- Do a bit of Duolingo at the start and end of the day (it's not great on its own but it's easy, quick, and fun)
- Watched 20-30 minutes of a German TV show with English subtitles on Netflix. 'Zeit der Geheimnisse' was clearly spoken and I'm enjoying 'Dark' at the moment
- Practiced new words (I've been trying the Goldlist Method but I'm not convinced so far!)
- Either read a bit of German text (I've seen these recommended but not read them yet) or did a lesson from 'Nico's Weg' on Deutsche Welle

It's quite a lot but doing bits of German, at a few points during the day, every day, really helped. It felt much closer to "being there" and kept the language closer to the front of my mind. I felt momentum.

Ultimately I think you should have either a need to learn a language (it's required for work, you're going to live there, it's your partner's native language, etc) or else you have to enjoy it.

It takes a lot of work and it's really hard, especially for some of us! If you don't need it or you don't enjoy it, it's going to be much, much harder, for years.
posted by fabius at 9:52 AM on January 31 [1 favorite]

I've been learning German for years, and I still lack confidence and find it very challenging. But, things dramatically improved when I started to not sweat the small stuff. In early classes, I had some teachers who emphasized how important it was that I know the gender of each word (so that I can correctly adjust the article with certain prepositions, for example). Sure, over time, I know a lot of the articles of very basic words - but I completely stopped focusing on memorizing them. I accepted that I will always sound like a foreigner, and as I've been reassured by many Germans, errors in the gender of a noun will basically never make your sentence unintelligible. There's other aspects of German that are similar. For example, I had a class which focused on the Plusquamperfekt verb form a lot, and then was informed by Germans that natives often don't use this, or screw it up. So - stick to the most essential grammatical topics, such as sentence structure, which is quite important, while ignoring lesser important topics.

Since there are a lot of grammar topics, I bought a really nice cheatsheet ( which I occassionally review to remind myself of some rules. Over time, i've learned from natives which are the important ones. If you need help with this feel free to dm.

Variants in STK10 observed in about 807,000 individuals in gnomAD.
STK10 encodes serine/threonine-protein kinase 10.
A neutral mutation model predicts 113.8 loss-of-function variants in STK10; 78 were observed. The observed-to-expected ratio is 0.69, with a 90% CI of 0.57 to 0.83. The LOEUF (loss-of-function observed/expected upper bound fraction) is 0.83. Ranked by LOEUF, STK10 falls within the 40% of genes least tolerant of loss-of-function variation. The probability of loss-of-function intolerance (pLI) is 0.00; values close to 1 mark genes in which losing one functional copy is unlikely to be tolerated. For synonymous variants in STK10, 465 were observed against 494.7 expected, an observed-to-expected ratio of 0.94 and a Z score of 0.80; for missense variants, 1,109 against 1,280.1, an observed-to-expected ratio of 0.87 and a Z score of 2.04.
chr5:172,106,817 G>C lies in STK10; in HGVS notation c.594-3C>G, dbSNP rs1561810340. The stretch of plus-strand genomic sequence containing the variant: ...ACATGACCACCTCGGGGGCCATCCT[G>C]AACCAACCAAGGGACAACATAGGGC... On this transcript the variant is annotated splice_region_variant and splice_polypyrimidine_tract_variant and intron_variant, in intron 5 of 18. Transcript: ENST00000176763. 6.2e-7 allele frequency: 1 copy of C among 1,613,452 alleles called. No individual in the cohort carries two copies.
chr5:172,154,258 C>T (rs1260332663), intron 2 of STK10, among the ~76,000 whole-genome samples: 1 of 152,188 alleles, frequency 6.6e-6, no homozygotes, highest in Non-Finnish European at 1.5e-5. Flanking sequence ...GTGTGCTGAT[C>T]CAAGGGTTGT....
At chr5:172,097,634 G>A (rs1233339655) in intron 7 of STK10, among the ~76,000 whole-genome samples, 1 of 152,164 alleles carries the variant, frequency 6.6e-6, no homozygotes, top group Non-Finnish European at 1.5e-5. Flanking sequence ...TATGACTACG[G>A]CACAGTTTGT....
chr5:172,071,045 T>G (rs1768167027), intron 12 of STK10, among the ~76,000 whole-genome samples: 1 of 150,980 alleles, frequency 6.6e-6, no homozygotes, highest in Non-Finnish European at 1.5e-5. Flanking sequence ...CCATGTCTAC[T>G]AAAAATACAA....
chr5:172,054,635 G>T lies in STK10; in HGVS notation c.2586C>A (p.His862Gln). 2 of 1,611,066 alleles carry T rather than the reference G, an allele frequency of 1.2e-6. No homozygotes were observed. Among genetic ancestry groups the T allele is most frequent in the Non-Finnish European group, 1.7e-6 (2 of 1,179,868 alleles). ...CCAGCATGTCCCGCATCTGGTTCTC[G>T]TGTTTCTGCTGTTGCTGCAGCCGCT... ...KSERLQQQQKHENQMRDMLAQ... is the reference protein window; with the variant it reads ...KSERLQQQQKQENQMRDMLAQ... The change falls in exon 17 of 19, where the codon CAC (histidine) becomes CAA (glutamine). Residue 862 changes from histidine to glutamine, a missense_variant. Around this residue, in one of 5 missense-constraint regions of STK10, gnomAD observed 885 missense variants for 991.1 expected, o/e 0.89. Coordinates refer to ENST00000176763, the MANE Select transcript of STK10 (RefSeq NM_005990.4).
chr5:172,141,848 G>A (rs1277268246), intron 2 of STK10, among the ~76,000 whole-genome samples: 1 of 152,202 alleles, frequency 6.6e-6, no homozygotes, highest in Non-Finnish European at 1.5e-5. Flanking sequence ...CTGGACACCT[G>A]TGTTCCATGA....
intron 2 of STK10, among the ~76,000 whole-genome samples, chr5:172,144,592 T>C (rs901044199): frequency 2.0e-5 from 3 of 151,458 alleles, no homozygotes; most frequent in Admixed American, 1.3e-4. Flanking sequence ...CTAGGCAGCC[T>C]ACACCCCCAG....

I also began enjoying learning German as I increased media intake. A good starting point is Easy German, and specifically the "Super Easy German" episodes. Their podcast (Easy German on all podcast apps) is also quite entertaining. I appreciate their content because it's suited for learners, but still interesting - their most common type of video is interviewing people on the streets of Berlin, so you get a lot of experience hearing how locals speak. All videos have dual subtitles, so you can begin watching even at an early level. Their Patreon is also good - for the $5 membership tier you can participate in their discord which is quite active, and also access tons of "homemade" worksheets which are created to teach grammar topics in conjunction with their videos.
posted by unid41 at 1:31 PM on January 31

- not being someone to whom learning a new language comes easily

Oh yeah, I am totally with you there.

- not really vibing with the teacher - she gets pretty sarcastic when you get something wrong

Absolutely move on to a new teacher. In fact, move on to italki -- it can be a lot cheaper than you think for a private tutor.

- being the kind of person who is MASSIVELY demotivated by the sensation of being 'the worst in the class'

Once again, totally with you there.

Some history: I have been 'trying' to learn Spanish for five years now. As I live in a Spanish speaking country you would think I'd be really motivated, but despite trying many approaches I have been consistently frustrated. I do have a tutor I hire occasionally but after a month or two my brain is full and I have to stop until I've processed things.

Over the years I've realized my largest frustration comes from trying to learn Spanish. Learning for me is a methodical process that requires me to understand everything before I can move on to the next piece. I get hung up easily.

What I've been doing for a while now (apparently successfully and without frustration) is training in Spanish. To me that means reading and using learning programs (an hour a day on Duolingo has been satisfying) and most importantly not worrying about mistakes or misunderstandings. Also not worrying about parts of speech and rigid grammar rules, just engaging with the language and trusting my brain to work out the patterns.

I mentioned Duolingo. It does try to teach parts of speech but I really don't pay much attention to that. What I get is practice, practice, practice in reading, listening, speaking, and writing. I'm not trying to learn the language, I'm just training in it.

Your mileage probably will vary of course, but it's a different approach you might want to try.
posted by Tell Me No Lies at 7:22 AM on February 1 [1 favorite]